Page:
Pot Odds

When you play Texas Hold’em poker you need to make a lot of decisions, and make them fast. But when you are pondering whether to pursue a drawing hand you’ve got for the chance it may turn into a made hand or give it up, the pot odds will help you decide.

This is something you do when the cards you’re holding and the cards on the table look like a beginning of something (like a straight or a flush, for example) but you are waiting for a card or two to make it a real hand (aka a drawing hand).

Pot odds are not as complicated as they sound, and they really can make a difference in your play. Instead of following your hunches, you can just do the math (and it’s not as hard as you may think!). The basic idea is to compare the bet with the size of the pot to determine if the bet is worth the risk. This approach should show you how to avoid making high bets for small paybacks.

How to decide between folding or calling?
Fold when the pot odds are smaller than the hand odds
Call when the pot odds are higher than the odds against your hand

Calculating Pot Odds
Pot odds are the ratio between the money there is currently in the pot and the cost of a call:

pot size / call = pot odds

For example, if the pot currently holds $80, and it will cost you $20 to call, the pot odds are 80 to 20, meaning 4 to 1, or simply 4.0

Calculating the Odds Against Your Making a Hand
When all you have is a drawing hand you need to hit specific cards. The cards you need to make your hand are called ‘outs’. The assumption is that these outs are in the deck, but are the odds that you’ll get them?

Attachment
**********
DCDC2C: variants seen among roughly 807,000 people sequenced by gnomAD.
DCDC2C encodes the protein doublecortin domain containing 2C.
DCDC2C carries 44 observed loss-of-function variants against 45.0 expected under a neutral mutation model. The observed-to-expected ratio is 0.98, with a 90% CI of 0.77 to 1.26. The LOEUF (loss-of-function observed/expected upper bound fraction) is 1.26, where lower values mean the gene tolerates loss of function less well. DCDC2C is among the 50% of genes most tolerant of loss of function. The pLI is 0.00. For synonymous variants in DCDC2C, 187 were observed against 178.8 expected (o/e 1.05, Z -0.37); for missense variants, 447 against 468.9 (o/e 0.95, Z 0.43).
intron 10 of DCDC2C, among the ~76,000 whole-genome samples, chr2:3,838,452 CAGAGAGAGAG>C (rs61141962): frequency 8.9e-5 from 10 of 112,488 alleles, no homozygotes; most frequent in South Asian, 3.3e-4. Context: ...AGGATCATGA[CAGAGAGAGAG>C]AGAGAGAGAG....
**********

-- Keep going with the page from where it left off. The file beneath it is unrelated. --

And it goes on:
This formula calculates what are the odds against you getting the right cards.

(The number of cards you haven’t seen – the outs) / outs = odds against you

For example if you have 9-10 and the flop shows J-Q-3 you are one card away from a straight. You need either a 8 or a K.

A deck of cards contains 52 cards, and you already seen 5 of them. So there are 47 ones you haven’t seen, that include four 8s and four Ks. So 39 cards will work against you, while only 8 cards will work for you. Your odds of making this hand are 39:8.

With a 39/8 against you, the odds of making this hand are 4.875 .

So in our example, if the pot odds are 4.0 and the odds against you are 4.875. The reward is not big enough to justify going against odds. In this case, you better fold, because the pot is not fat enough to be worth calling for a drawing hand.

As you can see, it’s not exactly rocket science, especially when you play online poker where no one can see you using a pocket calculator or an odds table…hey, that’s okay, your opponent is probably doing the same.

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